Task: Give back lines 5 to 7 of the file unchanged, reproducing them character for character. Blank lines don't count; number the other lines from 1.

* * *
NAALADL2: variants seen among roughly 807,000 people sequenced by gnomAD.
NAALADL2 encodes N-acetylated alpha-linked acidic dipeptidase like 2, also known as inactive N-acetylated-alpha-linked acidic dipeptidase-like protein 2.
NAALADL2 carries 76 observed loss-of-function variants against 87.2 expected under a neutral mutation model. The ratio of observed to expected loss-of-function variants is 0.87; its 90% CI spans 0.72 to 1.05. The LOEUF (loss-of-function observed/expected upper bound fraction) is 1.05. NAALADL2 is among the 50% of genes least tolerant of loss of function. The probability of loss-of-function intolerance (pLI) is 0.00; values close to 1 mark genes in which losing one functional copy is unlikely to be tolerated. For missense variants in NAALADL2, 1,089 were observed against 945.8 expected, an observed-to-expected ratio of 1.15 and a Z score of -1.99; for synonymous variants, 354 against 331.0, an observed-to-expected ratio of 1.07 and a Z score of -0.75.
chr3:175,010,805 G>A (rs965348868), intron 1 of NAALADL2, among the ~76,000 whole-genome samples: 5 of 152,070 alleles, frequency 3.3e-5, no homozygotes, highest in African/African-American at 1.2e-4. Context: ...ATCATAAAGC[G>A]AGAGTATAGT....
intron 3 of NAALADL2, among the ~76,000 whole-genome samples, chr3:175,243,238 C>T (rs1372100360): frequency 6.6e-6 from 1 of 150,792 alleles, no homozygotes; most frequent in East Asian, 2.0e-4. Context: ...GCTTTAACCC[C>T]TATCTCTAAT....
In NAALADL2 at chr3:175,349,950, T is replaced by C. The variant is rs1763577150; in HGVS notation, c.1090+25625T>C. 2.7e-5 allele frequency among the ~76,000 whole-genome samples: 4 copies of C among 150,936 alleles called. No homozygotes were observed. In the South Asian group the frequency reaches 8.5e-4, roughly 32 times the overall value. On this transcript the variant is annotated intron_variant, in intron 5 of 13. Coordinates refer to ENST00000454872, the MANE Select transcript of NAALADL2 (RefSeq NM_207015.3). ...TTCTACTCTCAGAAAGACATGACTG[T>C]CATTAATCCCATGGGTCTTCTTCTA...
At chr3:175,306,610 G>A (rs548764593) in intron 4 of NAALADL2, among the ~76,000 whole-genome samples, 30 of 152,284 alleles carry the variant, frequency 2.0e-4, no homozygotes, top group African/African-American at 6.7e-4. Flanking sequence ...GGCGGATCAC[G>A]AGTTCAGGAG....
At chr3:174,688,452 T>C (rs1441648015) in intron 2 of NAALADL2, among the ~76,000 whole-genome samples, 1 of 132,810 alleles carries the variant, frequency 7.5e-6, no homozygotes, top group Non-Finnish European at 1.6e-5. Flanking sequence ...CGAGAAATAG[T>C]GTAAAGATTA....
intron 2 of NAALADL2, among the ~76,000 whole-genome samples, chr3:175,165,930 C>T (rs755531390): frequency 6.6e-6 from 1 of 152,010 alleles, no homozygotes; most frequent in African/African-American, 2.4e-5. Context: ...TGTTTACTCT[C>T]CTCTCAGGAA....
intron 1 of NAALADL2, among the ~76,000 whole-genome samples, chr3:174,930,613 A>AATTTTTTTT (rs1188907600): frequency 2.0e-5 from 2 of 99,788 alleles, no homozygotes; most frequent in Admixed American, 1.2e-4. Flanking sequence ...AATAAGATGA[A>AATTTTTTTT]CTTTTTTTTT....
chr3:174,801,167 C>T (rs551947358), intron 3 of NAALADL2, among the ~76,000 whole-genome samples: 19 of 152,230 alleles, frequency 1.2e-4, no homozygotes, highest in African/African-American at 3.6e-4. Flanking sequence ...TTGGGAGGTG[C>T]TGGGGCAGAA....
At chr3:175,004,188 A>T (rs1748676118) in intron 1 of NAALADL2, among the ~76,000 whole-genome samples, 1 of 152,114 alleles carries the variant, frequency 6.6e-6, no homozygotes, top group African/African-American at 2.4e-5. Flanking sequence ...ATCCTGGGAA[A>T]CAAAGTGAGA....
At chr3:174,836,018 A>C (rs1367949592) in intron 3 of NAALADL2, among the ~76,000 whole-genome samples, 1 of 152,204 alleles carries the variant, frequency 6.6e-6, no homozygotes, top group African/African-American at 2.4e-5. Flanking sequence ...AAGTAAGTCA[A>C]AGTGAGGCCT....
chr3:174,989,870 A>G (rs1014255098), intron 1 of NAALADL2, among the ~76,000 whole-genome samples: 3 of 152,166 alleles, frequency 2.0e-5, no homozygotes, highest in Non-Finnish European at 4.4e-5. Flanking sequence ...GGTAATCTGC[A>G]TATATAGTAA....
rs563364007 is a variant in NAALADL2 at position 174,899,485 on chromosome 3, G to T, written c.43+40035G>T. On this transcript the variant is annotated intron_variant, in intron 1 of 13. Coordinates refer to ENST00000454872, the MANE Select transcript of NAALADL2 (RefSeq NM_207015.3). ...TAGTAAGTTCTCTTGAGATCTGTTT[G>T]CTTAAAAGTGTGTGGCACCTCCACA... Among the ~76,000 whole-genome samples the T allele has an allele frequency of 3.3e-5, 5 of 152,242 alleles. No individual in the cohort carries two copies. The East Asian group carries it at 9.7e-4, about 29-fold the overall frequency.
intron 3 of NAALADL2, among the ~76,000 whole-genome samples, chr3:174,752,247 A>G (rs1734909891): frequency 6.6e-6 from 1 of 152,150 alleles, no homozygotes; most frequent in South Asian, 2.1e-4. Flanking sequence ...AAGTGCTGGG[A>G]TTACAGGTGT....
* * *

intron 3 of NAALADL2, among the ~76,000 whole-genome samples, chr3:175,243,238 C>T (rs1372100360): frequency 6.6e-6 from 1 of 150,792 alleles, no homozygotes; most frequent in East Asian, 2.0e-4. Context: ...GCTTTAACCC[C>T]TATCTCTAAT....
In NAALADL2 at chr3:175,349,950, T is replaced by C. The variant is rs1763577150; in HGVS notation, c.1090+25625T>C. 2.7e-5 allele frequency among the ~76,000 whole-genome samples: 4 copies of C among 150,936 alleles called. No homozygotes were observed. In the South Asian group the frequency reaches 8.5e-4, roughly 32 times the overall value. On this transcript the variant is annotated intron_variant, in intron 5 of 13. Coordinates refer to ENST00000454872, the MANE Select transcript of NAALADL2 (RefSeq NM_207015.3). ...TTCTACTCTCAGAAAGACATGACTG[T>C]CATTAATCCCATGGGTCTTCTTCTA...
At chr3:175,306,610 G>A (rs548764593) in intron 4 of NAALADL2, among the ~76,000 whole-genome samples, 30 of 152,284 alleles carry the variant, frequency 2.0e-4, no homozygotes, top group African/African-American at 6.7e-4. Flanking sequence ...GGCGGATCAC[G>A]AGTTCAGGAG....